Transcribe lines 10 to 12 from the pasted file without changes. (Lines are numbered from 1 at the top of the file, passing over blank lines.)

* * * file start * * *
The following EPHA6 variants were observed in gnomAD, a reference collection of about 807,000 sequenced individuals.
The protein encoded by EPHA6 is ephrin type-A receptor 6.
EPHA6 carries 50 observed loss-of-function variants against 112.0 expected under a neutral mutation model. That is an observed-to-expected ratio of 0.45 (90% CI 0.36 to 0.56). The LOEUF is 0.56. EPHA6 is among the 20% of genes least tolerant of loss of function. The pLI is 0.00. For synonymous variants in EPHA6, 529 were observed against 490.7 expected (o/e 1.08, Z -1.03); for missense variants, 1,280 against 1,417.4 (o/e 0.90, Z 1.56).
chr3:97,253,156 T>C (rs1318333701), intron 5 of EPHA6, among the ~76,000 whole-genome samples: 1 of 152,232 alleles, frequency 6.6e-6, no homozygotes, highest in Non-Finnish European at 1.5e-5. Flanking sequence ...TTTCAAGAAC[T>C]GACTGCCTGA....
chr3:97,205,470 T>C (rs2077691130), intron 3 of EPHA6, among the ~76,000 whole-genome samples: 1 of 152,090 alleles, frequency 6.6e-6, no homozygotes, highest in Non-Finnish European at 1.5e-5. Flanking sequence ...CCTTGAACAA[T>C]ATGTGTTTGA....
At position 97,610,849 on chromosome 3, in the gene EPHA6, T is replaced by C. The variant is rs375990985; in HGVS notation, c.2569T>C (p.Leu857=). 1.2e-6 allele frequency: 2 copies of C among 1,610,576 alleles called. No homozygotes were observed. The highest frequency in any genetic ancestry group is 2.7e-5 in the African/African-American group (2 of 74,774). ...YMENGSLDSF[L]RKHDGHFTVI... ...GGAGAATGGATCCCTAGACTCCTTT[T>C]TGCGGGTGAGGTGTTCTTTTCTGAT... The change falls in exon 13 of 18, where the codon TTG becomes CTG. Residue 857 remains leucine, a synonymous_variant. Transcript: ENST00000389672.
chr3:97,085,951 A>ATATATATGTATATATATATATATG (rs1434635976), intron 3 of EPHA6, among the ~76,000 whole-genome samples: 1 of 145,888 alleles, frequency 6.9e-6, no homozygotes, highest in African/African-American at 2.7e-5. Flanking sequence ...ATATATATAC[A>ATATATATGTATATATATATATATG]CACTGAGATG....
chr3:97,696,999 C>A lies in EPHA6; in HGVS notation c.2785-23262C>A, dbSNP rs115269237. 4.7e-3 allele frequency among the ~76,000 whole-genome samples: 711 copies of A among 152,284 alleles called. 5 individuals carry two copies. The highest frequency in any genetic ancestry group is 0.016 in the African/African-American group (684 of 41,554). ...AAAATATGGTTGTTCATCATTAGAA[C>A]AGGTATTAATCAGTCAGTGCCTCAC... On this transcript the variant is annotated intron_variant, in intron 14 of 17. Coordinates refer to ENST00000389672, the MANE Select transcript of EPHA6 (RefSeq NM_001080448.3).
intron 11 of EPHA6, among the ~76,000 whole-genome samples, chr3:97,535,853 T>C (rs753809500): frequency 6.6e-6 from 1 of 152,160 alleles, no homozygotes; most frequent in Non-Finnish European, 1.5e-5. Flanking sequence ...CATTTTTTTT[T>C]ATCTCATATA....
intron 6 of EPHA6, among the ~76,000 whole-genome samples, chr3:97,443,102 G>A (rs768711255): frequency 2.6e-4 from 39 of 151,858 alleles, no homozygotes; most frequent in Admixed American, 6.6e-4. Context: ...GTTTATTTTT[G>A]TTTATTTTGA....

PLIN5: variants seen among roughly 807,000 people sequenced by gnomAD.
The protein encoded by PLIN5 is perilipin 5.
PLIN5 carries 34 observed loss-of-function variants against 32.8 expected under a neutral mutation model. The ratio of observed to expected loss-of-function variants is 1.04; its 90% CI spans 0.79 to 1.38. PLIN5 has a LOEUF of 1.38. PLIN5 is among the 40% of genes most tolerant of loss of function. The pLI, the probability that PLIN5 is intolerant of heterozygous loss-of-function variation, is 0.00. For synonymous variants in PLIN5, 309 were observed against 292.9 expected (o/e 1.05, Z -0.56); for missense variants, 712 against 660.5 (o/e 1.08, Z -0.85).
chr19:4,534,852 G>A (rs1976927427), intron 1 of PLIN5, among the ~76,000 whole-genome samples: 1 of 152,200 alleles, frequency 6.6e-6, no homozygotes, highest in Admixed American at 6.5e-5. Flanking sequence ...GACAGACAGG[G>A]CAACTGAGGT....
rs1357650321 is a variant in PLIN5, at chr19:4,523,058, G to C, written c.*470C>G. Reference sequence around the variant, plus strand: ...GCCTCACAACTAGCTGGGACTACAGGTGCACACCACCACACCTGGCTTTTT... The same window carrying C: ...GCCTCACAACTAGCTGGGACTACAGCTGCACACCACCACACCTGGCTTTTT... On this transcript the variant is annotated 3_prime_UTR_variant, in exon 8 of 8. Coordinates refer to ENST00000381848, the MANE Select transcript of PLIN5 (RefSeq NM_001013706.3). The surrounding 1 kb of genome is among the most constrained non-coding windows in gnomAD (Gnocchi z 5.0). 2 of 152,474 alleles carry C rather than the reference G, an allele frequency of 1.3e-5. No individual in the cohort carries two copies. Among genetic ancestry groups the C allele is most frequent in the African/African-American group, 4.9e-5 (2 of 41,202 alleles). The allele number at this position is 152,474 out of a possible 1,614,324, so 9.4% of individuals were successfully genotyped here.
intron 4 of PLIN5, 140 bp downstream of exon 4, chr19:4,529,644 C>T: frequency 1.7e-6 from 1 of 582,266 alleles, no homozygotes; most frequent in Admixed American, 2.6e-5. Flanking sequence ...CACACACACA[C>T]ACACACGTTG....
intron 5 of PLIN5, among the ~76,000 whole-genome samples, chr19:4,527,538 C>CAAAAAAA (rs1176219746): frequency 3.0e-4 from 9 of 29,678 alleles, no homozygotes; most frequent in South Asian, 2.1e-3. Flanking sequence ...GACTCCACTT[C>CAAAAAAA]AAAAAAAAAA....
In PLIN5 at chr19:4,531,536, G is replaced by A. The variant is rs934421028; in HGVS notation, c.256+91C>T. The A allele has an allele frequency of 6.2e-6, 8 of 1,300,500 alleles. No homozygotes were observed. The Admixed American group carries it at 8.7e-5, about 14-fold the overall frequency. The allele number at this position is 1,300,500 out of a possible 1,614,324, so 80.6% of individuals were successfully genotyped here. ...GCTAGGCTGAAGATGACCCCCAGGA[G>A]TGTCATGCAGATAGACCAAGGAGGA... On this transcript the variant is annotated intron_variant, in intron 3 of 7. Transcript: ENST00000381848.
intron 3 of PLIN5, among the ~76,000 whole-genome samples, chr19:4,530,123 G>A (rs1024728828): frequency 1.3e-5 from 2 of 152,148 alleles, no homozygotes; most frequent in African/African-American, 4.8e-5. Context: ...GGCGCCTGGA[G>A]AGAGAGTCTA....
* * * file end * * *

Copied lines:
intron 6 of EPHA6, among the ~76,000 whole-genome samples, chr3:97,443,102 G>A (rs768711255): frequency 2.6e-4 from 39 of 151,858 alleles, no homozygotes; most frequent in Admixed American, 6.6e-4. Context: ...GTTTATTTTT[G>A]TTTATTTTGA....

PLIN5: variants seen among roughly 807,000 people sequenced by gnomAD.
The protein encoded by PLIN5 is perilipin 5.